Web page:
• marga t. October 1, 2017 at 12:58 pm #

      You’ve hit a nail with a soft mallet, M. I am feeling that there are clues in the resistance that point to some dynamic that is underlying the actual struggle, which is not actually about procrastination or laziness or a lack of will power. There is a clue that is pointing to meaningful interaction as you so rightly observe. I have discovered some ways to get to the heart of the matter in ways that are productive rather than frustrating. I am also wondering about the signals of change that come about that can be embraced or ignored. What is it I wish to do? How do I wish to conduct my days in its moments? How do I step into life that allows for expression and creativity and freedom that still keeps the blender of smoothies flowing and the lights on in an abode of some sort. Perhaps, at times, we can not stay married to the present discomfort indefinitely, but can instead marry the possibilities of our choices in life that we are not seeing that resistance and snacking behaviors may be pointing to. So lovely to dance a bit with your words this morning, M! meaningful interaction – a wonderful creative endeavor. I’m working to align the desires the do’s and the art. Russell’s words are such boiled down deliciousness of lived wisdom. grateful! m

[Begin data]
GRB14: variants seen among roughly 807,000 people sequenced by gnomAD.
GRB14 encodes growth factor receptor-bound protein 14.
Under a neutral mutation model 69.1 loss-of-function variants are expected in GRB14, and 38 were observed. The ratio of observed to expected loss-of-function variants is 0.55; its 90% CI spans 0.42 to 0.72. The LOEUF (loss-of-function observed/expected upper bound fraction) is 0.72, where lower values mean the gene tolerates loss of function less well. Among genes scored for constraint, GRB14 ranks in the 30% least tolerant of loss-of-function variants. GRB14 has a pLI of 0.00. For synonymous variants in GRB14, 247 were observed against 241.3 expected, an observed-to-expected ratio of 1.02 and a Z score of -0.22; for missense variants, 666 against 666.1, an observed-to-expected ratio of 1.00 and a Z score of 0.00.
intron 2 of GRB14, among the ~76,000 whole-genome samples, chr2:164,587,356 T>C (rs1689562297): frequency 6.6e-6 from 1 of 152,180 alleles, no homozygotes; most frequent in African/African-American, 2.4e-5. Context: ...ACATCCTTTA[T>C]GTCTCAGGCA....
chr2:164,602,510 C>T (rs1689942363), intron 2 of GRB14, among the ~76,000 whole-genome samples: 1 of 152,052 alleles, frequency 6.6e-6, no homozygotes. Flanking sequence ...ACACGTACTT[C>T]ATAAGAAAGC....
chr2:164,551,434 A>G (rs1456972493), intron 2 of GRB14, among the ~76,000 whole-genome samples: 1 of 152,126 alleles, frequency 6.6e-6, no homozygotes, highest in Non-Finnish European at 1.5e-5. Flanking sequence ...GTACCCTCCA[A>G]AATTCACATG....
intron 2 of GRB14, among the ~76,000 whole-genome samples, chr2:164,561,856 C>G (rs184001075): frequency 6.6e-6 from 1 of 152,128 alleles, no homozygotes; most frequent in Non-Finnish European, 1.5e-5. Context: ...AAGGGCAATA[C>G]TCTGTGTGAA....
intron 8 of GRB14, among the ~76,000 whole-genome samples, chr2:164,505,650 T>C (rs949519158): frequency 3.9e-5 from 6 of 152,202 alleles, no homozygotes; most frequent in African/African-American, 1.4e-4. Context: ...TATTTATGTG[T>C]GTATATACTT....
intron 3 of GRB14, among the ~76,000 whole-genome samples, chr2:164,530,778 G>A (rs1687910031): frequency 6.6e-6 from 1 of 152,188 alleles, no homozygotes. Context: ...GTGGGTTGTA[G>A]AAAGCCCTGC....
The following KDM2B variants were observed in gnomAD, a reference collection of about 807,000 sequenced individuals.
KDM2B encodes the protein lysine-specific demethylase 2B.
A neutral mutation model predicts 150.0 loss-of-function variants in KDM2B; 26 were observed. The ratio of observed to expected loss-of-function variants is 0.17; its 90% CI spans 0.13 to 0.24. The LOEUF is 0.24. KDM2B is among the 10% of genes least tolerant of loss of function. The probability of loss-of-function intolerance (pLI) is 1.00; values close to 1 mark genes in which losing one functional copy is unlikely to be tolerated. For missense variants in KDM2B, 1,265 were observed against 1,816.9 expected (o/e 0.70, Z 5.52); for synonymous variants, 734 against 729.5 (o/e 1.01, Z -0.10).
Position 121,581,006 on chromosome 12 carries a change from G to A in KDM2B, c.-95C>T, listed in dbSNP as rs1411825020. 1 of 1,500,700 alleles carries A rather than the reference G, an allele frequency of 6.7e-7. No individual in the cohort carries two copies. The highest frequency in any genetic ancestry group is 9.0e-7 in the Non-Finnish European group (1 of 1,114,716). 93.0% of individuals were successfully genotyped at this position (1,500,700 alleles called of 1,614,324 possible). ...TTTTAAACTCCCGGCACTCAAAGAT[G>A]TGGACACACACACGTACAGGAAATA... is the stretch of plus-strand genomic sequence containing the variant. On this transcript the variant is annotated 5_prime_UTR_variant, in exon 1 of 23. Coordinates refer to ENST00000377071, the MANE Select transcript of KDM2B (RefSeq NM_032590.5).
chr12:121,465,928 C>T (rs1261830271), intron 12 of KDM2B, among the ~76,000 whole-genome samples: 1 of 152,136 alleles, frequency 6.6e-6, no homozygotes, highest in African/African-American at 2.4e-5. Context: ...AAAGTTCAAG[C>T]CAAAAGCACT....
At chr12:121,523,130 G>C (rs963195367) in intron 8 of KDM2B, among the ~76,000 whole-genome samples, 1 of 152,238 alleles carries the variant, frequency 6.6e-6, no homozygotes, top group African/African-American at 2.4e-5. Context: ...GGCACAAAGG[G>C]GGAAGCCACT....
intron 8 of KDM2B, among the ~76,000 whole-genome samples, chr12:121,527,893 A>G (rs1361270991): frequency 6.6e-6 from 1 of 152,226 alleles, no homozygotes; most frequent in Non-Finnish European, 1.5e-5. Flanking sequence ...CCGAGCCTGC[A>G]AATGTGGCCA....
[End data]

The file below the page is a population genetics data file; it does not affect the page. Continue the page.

3. Ka Malana - Fiestaestrellas.com October 2, 2017 at 2:44 pm #

    Really, I loved this!

    • marga t. October 5, 2017 at 11:07 pm #

      so fun to visit with you again!

  4. mcaimbeul October 5, 2017 at 2:12 am #

    I wave back from the ditch across the street,

    • marga t. October 5, 2017 at 11:08 pm #

      Couldn’t ask for better company 🙂